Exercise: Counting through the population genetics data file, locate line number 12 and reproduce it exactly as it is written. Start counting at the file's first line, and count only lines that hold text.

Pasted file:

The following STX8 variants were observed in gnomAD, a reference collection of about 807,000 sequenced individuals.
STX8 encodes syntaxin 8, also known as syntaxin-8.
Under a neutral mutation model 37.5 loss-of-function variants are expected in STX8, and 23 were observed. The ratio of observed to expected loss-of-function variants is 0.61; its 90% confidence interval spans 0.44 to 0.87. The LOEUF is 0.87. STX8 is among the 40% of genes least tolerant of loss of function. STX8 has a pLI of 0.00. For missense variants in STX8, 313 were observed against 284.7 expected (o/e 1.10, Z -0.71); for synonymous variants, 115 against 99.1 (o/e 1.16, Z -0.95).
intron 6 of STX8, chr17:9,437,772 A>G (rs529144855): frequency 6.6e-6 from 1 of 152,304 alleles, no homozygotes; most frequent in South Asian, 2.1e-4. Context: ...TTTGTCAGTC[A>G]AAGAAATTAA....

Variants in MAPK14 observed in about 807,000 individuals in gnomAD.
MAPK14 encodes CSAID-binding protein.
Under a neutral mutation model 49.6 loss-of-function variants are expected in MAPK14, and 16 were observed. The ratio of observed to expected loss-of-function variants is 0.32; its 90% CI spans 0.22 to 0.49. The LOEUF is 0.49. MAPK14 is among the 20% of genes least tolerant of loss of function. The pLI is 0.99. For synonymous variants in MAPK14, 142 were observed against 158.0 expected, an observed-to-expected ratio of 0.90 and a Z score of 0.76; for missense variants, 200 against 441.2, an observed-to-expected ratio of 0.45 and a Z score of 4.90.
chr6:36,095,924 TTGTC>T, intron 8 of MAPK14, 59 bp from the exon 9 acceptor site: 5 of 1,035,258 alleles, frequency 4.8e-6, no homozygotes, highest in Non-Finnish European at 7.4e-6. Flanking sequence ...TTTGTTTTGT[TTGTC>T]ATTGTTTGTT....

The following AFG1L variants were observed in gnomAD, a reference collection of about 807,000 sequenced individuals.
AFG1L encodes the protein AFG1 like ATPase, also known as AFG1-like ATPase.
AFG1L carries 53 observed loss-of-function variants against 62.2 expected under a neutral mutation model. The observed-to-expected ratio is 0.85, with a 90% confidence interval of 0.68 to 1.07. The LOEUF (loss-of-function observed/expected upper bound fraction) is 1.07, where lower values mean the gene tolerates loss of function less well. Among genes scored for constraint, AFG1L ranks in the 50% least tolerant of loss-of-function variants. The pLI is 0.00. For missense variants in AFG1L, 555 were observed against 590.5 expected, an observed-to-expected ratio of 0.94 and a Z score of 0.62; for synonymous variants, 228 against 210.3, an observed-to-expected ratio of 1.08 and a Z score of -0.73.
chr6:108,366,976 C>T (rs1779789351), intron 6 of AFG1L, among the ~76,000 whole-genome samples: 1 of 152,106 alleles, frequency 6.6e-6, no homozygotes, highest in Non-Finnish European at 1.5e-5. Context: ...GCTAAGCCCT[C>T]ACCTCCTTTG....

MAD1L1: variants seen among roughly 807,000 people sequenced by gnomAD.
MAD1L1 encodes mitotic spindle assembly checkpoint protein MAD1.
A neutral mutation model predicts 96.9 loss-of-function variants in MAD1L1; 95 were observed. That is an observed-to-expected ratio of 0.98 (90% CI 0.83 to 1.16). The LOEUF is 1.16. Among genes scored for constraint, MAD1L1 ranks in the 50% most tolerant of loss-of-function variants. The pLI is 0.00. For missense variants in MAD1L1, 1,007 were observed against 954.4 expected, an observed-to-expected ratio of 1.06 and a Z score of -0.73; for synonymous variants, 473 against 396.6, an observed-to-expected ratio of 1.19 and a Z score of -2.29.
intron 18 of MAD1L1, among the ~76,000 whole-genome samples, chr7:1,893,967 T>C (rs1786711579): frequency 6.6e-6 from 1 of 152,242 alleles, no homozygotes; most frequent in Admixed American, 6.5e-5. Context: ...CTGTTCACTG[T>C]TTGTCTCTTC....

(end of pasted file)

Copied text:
chr6:108,366,976 C>T (rs1779789351), intron 6 of AFG1L, among the ~76,000 whole-genome samples: 1 of 152,106 alleles, frequency 6.6e-6, no homozygotes, highest in Non-Finnish European at 1.5e-5. Context: ...GCTAAGCCCT[C>T]ACCTCCTTTG....